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Try harvest-fresh grapes in an olive oil cake

Recipe: Red grapes roast atop a lemon-scented batter

Cake on yellow plate with grapes
Grapes top the polenta-specked lemon and olive oil cake. (Photos: Kathy Morrison)

Olive oil, red grapes, a lemon and two brown eggs
These beautiful grapes will be the star in the cake.


The fruit at the farmers market right now exemplifies the change of weather and change of seasons: The last peaches and nectarines over here, the early-season persimmons and pomegranates over there. In between are pears, apples and, oh my, look at those grapes!

I don't buy grapes often, but the displays of red, green and black grapes from several vendors could not be ignored. I settled on two pounds of beautiful Crimson Flame grapes, and then dug into recipes to see how to use them.

This recipe, which has olive oil and polenta in the batter, is one I adapted from a gluten-free version on the blog This Mess is Ours. I guess I'm on an Italian-inspired baking kick this fall, but there's nothing wrong with that.

This cake is sweet enough to serve for dessert with espresso, but it's uncomplicated enough to be a breakfast cake. Other fruit could go on top instead of grapes, but try it first with your favorite red seedless. Left whole, the grapes roast into delicious little nuggets of flavor.

I used medium-grind polenta here, but if the grittiness would bother you, use fine-grind or even regular cornmeal.

Pan with grapes
The cake batter is ready to be topped with half the
grapes to begin baking.


Olive Oil Cake with Polenta and Roasted Grapes

Serves 9-12

Ingredients:

1/2 cup almond flour or almond meal

1/2 cup good-quality olive oil, plus more for pan

1 cup unbleached all-purpose flour (can use gluten-free flour if desired), plus more for pan

1/4 cup polenta, fine or medium grind

1-1/2 teaspoons baking powder

1/2 teaspoon kosher salt

2 large eggs

2/3 cup sugar

Zest from 1 large lemon

1/3 milk (dairy or non-dairy, but not non-fat)

2 cups red seedless grapes, washed but left whole

Confectioner's sugar, for topping, optional

Instructions:

Heat oven to 350 degrees. Place a sheet of parchment paper on a rimmed baking sheet, and scatter the almond flour over the paper. Toast the almond flour in the oven for 4 to 5 minutes, until it is fragrant, but be careful not to scorch it. Remove from oven and allow to cool a few minutes.

Brush a round or square 8-inch pan with olive oil, then dust with a bit of all-purpose flour.

In a medium bowl, whisk together the all-purpose flour, the toasted almond flour, polenta, baking powder and kosher salt.

In a large bowl, use an electric mixer to beat together the eggs, sugar and lemon zest on high until the mixture is light and fluffy. With the mixer on low speed, stream in the olive oil until combined. Then, alternately add the flour mixture and the milk, starting with about one-third of the flour, then half the milk. Repeat, then stir in the remainder of the flour.

Fresh out of the oven, the cake can be topped with confectioner's
sugar or left plain.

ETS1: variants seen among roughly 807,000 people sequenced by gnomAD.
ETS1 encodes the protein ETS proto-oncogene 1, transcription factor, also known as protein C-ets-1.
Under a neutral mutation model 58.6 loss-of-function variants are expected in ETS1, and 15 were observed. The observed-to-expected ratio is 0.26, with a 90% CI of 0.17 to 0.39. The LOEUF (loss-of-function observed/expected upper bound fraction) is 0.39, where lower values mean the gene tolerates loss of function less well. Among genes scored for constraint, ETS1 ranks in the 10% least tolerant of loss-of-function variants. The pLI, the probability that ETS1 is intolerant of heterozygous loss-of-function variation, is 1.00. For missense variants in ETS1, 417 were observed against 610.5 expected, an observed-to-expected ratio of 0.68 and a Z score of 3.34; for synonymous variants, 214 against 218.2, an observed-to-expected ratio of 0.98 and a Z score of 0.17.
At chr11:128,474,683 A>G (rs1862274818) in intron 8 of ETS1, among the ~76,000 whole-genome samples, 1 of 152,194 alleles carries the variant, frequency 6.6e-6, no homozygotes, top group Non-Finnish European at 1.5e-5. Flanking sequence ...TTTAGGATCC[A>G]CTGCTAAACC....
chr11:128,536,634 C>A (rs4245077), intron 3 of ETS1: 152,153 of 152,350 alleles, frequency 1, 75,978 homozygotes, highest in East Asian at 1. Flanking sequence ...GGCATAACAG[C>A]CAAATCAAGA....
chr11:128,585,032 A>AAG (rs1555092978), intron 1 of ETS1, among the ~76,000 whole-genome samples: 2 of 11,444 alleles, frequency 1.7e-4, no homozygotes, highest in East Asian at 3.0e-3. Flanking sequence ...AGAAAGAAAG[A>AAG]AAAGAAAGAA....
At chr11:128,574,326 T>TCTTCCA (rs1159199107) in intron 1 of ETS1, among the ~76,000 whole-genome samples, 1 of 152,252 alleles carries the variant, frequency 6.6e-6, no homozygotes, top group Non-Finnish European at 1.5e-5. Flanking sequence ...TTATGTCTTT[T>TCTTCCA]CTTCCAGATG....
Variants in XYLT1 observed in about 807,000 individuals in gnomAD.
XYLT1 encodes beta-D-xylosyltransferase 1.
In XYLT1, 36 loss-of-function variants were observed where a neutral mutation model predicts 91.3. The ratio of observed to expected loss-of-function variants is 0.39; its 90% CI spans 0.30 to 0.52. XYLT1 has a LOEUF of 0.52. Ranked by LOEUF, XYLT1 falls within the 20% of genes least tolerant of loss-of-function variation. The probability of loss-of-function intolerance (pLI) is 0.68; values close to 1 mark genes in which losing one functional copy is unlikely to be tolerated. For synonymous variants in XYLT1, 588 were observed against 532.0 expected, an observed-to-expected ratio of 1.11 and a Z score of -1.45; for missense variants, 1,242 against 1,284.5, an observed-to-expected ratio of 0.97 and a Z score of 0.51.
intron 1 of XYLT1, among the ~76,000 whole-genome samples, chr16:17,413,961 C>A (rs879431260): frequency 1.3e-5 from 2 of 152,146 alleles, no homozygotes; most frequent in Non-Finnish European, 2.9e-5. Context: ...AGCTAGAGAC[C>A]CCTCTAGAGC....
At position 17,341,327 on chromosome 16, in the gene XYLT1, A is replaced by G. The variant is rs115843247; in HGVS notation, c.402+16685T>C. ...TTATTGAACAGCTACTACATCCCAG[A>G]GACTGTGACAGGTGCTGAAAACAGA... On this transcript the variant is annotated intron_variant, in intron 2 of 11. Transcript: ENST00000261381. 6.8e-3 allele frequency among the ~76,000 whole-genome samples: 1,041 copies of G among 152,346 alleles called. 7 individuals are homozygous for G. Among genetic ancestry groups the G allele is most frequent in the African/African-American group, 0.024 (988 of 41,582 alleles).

Spread the batter in the prepared pan. Scatter about 1 cup of the grapes over the top of the batter. Bake for 15 minutes, then add the rest of the grapes to top, pressing down on them just slightly. Continue baking for 25 to 27 minutes more, until the cake is golden brown and a toothpick inserted in the center comes out clean.

Allow cake to cool about 15 minutes on a wire rack. Sprinkle confectioner's sugar on top, if using, and slice to serve.



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Dig In: Garden checklist for week of Jan. 29

Bundle up and get work done!

* Prune, prune, prune. Now is the time to cut back most deciduous trees and shrubs. The exceptions are spring-flowering shrubs such as lilacs.

* Now is the time to prune fruit trees, except apricot and cherry trees. Clean up leaves and debris around the trees to prevent the spread of disease.

* Prune roses, even if they’re still trying to bloom or sprouting new growth. Strip off any remaining leaves, so the bush will be able to put out new growth in early spring.

* Prune Christmas camellias (Camellia sasanqua), the early-flowering varieties, after their bloom. They don’t need much, but selective pruning can promote bushiness, upright growth and more bloom next winter. Feed with an acid-type fertilizer. But don’t feed your Japonica camellias until after they finish blooming next month. Feeding while camellias are in bloom may cause them to drop unopened buds.

* Clean up leaves and debris around your newly pruned roses and shrubs. Put down fresh mulch or bark to keep roots cozy.

* Apply horticultural oil to fruit trees to control scale, mites and aphids. Oils need 24 hours of dry weather after application to be effective.

* This is also the time to spray a copper-based oil to peach and nectarine trees to fight leaf curl. Avoid spraying on windy days.

* Divide daylilies, Shasta daisies and other perennials.

* Cut back and divide chrysanthemums.

* Plant bare-root roses, trees and shrubs.

* Transplant pansies, violas, calendulas, English daisies, snapdragons and fairy primroses.

* In the vegetable garden, plant fava beans, head lettuce, mustard, onion sets, radicchio and radishes.

* Plant bare-root asparagus and root divisions of rhubarb.

* In the bulb department, plant callas, anemones, ranunculus and gladiolus for bloom from late spring into summer.

* Plant blooming azaleas, camellias and rhododendrons. If you’re shopping for these beautiful landscape plants, you can now find them in full flower at local nurseries.

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